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Myxomatosis Outbreak in the local Area 

Unfortunately we have seen a large number of pet Rabbits with Myxomatosis in the past month.

We are urging all Rabbit owners to ensure that their Rabbit has been vaccinated against Myxomatosis (in the past year with the Myxo-RHD vaccination or in the past 6 months with the single dose Myxo Vaccination)

What is myxomatosis?

Myxomatosis is a severe viral disease of rabbits that decimated the wild rabbit population when it arrived in Britain 50 years ago. Domestic rabbits are also susceptible to the disease and deaths in pets are reported every year.

The number and severity of outbreaks varies over time: the myxomatosis virus is notorious for its ability to mutate from year to year and the background immunity in the wild rabbit population also varies. For example, in autumn 2000, southern areas of the UK (the south west, Hampshire, Suffolk, Cambridgeshire) experienced a severe outbreak of myxomatosis, thought to have been caused by a particularly virulent strain of the myxomatosis virus.

Is my rabbit at risk?

Myxomatosis poses a threat to all pet rabbits – but the risk varies depending on whether your rabbit lives inside or outside.

Pet rabbits at greatest risk are those living outside, especially if they may have any contact with wild rabbits or hares. Pet rabbits affected by rabbit fleas are also at very high risk - rabbit owners who also have a dog or cat that hunts wild rabbits (or foxes that visit the garden and nose around rabbit hutches) must be particularly careful, in case rabbit fleas are brought back to the pet bunny.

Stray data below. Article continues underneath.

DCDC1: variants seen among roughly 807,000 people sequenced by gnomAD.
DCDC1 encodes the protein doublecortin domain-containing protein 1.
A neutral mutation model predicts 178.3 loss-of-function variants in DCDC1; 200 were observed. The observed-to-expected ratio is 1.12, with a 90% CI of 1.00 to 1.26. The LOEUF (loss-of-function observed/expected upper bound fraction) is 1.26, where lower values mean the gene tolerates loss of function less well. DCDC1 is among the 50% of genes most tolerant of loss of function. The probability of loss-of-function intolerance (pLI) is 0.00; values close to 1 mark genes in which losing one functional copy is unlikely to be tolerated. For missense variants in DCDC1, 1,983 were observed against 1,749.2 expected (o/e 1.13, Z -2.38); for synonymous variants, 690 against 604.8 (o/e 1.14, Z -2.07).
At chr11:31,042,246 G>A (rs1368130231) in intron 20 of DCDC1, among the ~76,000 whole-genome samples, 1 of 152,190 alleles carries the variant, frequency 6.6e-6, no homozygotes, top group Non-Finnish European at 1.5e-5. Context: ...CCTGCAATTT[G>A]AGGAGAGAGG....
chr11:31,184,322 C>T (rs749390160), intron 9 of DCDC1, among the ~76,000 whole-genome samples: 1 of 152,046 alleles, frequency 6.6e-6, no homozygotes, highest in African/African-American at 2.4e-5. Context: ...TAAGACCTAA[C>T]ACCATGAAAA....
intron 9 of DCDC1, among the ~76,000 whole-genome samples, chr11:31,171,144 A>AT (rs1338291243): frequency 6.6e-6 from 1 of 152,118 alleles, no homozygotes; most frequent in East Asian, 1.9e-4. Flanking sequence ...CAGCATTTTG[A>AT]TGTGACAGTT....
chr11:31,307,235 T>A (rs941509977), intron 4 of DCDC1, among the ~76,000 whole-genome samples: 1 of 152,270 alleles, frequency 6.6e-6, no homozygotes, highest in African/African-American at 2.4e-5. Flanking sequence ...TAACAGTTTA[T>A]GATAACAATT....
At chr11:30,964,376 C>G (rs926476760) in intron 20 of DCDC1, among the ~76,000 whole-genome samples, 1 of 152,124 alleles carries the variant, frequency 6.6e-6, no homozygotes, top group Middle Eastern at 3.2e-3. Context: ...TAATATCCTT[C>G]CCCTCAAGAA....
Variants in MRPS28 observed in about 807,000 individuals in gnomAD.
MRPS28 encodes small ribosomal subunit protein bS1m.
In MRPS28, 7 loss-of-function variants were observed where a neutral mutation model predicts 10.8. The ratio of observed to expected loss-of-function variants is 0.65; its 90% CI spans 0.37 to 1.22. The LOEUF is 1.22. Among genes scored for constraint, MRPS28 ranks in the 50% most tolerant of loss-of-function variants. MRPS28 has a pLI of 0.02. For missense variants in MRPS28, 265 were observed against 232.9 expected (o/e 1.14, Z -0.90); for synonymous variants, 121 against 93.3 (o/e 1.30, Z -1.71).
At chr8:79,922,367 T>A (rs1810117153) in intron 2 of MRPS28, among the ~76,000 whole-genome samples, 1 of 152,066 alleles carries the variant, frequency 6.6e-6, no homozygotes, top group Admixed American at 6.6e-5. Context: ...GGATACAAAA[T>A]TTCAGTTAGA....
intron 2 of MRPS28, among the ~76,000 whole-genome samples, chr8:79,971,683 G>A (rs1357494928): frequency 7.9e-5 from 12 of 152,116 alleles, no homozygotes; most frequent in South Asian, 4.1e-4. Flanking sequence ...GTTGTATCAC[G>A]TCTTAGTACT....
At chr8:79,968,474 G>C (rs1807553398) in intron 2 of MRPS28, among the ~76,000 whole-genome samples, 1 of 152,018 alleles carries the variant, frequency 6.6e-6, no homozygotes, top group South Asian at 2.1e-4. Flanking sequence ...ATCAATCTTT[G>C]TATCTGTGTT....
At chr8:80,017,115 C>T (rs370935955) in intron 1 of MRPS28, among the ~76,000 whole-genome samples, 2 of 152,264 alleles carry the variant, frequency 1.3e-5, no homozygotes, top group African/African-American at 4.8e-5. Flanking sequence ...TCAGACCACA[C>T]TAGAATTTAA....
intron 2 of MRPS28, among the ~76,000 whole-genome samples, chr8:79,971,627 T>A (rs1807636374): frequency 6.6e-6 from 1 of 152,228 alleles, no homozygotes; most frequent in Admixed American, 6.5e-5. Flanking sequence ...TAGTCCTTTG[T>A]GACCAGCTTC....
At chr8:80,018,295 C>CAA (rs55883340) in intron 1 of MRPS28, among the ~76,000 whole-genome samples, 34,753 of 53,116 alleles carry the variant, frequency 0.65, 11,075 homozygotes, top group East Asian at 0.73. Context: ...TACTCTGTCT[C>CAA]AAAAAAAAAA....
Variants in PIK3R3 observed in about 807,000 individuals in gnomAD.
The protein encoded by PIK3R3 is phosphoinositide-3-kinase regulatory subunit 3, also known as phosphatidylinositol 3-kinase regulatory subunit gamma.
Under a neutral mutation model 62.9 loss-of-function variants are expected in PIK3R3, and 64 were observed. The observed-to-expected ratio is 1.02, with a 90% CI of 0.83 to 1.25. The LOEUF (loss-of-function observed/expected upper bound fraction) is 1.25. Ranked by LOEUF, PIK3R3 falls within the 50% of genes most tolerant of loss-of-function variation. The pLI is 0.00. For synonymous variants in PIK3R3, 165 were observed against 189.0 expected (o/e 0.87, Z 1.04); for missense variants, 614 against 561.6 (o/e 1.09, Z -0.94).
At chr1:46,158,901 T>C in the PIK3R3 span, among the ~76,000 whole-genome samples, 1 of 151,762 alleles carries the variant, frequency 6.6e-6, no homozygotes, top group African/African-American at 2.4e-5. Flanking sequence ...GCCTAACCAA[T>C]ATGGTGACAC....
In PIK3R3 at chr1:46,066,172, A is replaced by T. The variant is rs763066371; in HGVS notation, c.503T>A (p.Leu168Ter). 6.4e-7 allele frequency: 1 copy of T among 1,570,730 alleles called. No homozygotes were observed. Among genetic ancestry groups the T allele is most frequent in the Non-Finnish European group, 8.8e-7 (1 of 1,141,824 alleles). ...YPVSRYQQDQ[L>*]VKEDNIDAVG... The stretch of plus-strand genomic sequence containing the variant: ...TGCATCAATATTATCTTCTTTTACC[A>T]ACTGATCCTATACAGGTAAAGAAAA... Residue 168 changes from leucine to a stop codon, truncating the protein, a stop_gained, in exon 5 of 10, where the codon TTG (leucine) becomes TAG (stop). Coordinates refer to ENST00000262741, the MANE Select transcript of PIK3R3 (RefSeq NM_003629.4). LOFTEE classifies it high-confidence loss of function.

Houserabbits living permanently indoors are at less risk than outdoor rabbits, but can and do get myxomatosis. They must be vaccinated and protected from possible sources of myxomatosis transmission too.

How is it spread?

Myxi is usually spread by biting insects (fleas, mosquitoes) carrying the Myxoma virus. However, direct rabbit-to-rabbit spread can occur. Previously, this was mainly seen in a French respiratory strain of the disease, but reports from the Autumn 2000 UK outbreak suggest that rabbit-to-rabbit transmission may now occur the UK.

Pet rabbits could contract myxomatosis in a variety of ways:

• Bites from mosquitoes carrying the Myxoma virus. 
• Bites from fleas carrying the Myxoma virus (fleas can survive for many months in hay)
• Myxomatosis can also be spread by Cheyletiella fur mites

What happens when a rabbit catches myxomatosis?

The classic form of myxomatosis is seen in rabbits that haven't been vaccinated. It is a dreadful disease that causes immense suffering: affected rabbits can take a fortnight to die and treatment is usually futile, which is why euthanasia is usually recommended.

Classic myxomatosis starts with runny eyes and in the very early stages can be confused with other causes of conjunctivitis. However, myxomatosis differs as the genitals are also swollen. It rapidly progresses to a severe conjunctivitis which causes blindness and is accompanied by lumpy (nodular) swellings on the head, plus lumps on the body. Excessive amounts of thick pus discharges from the nose and swollen eyes (which are often sealed shut). There are also two atypical forms of myxomatosis: one causes pneumonia and a snuffles-like illness; the other ("Nodular myxomatosis") mainly affects skin and carries a better prognosis.